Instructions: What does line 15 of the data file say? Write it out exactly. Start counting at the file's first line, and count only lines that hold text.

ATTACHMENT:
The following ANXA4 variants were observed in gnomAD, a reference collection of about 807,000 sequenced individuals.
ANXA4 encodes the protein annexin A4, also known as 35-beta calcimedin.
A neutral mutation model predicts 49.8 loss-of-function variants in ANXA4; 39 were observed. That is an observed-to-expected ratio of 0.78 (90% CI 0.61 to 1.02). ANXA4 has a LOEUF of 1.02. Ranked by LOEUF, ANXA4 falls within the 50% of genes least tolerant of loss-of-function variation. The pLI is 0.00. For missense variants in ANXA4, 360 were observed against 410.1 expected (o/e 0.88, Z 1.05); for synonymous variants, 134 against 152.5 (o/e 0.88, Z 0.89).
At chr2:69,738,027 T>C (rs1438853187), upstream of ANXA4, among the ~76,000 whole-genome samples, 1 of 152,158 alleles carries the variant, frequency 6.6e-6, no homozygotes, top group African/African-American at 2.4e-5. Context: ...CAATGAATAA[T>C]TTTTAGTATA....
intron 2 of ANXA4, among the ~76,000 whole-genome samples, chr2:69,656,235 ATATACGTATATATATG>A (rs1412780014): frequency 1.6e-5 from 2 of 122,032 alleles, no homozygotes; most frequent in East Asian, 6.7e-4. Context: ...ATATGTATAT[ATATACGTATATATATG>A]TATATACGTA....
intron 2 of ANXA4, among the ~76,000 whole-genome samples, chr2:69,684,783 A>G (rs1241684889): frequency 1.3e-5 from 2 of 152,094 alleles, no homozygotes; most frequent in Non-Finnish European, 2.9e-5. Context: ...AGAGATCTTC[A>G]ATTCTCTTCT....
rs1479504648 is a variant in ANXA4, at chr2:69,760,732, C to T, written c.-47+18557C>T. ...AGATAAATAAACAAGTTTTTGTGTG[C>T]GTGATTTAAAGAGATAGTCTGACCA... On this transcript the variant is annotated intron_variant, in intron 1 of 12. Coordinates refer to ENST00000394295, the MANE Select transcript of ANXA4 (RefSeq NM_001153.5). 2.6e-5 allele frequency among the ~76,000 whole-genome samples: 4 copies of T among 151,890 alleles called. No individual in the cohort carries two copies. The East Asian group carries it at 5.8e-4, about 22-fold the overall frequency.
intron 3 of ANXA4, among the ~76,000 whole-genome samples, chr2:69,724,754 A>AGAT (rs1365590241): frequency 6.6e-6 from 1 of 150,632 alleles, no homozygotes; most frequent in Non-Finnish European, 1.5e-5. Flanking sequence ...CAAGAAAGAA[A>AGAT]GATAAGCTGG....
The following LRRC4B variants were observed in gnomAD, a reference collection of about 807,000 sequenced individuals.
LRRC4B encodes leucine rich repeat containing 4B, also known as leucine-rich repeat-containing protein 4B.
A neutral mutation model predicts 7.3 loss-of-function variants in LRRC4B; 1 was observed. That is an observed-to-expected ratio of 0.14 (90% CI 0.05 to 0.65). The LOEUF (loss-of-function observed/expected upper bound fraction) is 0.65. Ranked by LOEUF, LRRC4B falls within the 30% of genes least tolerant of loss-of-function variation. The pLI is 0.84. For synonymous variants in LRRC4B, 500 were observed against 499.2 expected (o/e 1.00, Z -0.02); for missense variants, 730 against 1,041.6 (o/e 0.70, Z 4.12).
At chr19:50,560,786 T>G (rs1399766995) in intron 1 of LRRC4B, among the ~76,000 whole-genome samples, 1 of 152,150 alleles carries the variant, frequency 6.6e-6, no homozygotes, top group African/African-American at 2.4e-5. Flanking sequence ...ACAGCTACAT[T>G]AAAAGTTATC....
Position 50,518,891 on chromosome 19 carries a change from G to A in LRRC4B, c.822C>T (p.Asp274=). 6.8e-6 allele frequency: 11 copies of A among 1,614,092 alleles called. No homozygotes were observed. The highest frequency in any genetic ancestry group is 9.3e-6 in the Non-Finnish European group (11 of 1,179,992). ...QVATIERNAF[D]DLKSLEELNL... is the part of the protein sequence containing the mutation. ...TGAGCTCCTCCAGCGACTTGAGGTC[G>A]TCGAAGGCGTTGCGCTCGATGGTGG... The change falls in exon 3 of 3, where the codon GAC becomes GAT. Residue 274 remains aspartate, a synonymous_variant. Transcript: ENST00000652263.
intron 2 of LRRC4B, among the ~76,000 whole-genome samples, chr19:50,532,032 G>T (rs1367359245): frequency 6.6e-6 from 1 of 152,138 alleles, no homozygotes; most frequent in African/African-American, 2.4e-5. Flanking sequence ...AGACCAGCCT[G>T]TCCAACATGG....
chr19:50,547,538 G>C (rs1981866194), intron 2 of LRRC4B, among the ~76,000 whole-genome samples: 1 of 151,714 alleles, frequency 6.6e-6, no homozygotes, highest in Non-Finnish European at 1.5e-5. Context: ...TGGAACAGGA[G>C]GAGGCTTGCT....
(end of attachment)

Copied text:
chr19:50,547,538 G>C (rs1981866194), intron 2 of LRRC4B, among the ~76,000 whole-genome samples: 1 of 151,714 alleles, frequency 6.6e-6, no homozygotes, highest in Non-Finnish European at 1.5e-5. Context: ...TGGAACAGGA[G>C]GAGGCTTGCT....